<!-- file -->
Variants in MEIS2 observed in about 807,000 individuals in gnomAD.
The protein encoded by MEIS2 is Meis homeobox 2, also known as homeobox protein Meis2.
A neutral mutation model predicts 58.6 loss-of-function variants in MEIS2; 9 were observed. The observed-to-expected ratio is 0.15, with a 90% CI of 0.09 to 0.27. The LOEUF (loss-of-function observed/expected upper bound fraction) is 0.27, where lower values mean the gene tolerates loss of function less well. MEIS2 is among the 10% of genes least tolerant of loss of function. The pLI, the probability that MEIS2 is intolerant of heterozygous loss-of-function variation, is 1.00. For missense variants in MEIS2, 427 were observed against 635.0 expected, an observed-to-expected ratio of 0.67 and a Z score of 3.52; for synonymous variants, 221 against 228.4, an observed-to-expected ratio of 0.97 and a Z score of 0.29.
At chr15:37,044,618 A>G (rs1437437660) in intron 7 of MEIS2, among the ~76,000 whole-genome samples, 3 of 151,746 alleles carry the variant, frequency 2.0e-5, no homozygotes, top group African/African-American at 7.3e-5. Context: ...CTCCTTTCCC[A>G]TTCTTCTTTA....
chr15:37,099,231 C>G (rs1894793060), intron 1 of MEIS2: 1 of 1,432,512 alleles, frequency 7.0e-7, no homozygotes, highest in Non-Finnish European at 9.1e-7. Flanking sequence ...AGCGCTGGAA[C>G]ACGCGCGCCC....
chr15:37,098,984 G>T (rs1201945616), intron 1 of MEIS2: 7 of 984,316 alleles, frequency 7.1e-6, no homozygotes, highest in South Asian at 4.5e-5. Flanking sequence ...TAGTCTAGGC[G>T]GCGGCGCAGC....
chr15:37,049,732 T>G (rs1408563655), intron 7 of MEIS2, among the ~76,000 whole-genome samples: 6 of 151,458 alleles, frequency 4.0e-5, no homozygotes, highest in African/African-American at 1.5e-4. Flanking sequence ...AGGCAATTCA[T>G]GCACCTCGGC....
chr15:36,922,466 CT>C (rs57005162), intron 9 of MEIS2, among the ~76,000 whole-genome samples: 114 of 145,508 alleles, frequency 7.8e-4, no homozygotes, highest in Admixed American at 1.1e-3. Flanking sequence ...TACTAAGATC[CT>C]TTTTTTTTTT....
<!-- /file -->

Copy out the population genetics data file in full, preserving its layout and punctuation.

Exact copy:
Variants in MEIS2 observed in about 807,000 individuals in gnomAD.
The protein encoded by MEIS2 is Meis homeobox 2, also known as homeobox protein Meis2.
A neutral mutation model predicts 58.6 loss-of-function variants in MEIS2; 9 were observed. The observed-to-expected ratio is 0.15, with a 90% CI of 0.09 to 0.27. The LOEUF (loss-of-function observed/expected upper bound fraction) is 0.27, where lower values mean the gene tolerates loss of function less well. MEIS2 is among the 10% of genes least tolerant of loss of function. The pLI, the probability that MEIS2 is intolerant of heterozygous loss-of-function variation, is 1.00. For missense variants in MEIS2, 427 were observed against 635.0 expected, an observed-to-expected ratio of 0.67 and a Z score of 3.52; for synonymous variants, 221 against 228.4, an observed-to-expected ratio of 0.97 and a Z score of 0.29.
At chr15:37,044,618 A>G (rs1437437660) in intron 7 of MEIS2, among the ~76,000 whole-genome samples, 3 of 151,746 alleles carry the variant, frequency 2.0e-5, no homozygotes, top group African/African-American at 7.3e-5. Context: ...CTCCTTTCCC[A>G]TTCTTCTTTA....
chr15:37,099,231 C>G (rs1894793060), intron 1 of MEIS2: 1 of 1,432,512 alleles, frequency 7.0e-7, no homozygotes, highest in Non-Finnish European at 9.1e-7. Flanking sequence ...AGCGCTGGAA[C>G]ACGCGCGCCC....
chr15:37,098,984 G>T (rs1201945616), intron 1 of MEIS2: 7 of 984,316 alleles, frequency 7.1e-6, no homozygotes, highest in South Asian at 4.5e-5. Flanking sequence ...TAGTCTAGGC[G>T]GCGGCGCAGC....
chr15:37,049,732 T>G (rs1408563655), intron 7 of MEIS2, among the ~76,000 whole-genome samples: 6 of 151,458 alleles, frequency 4.0e-5, no homozygotes, highest in African/African-American at 1.5e-4. Flanking sequence ...AGGCAATTCA[T>G]GCACCTCGGC....
chr15:36,922,466 CT>C (rs57005162), intron 9 of MEIS2, among the ~76,000 whole-genome samples: 114 of 145,508 alleles, frequency 7.8e-4, no homozygotes, highest in Admixed American at 1.1e-3. Flanking sequence ...TACTAAGATC[CT>C]TTTTTTTTTT....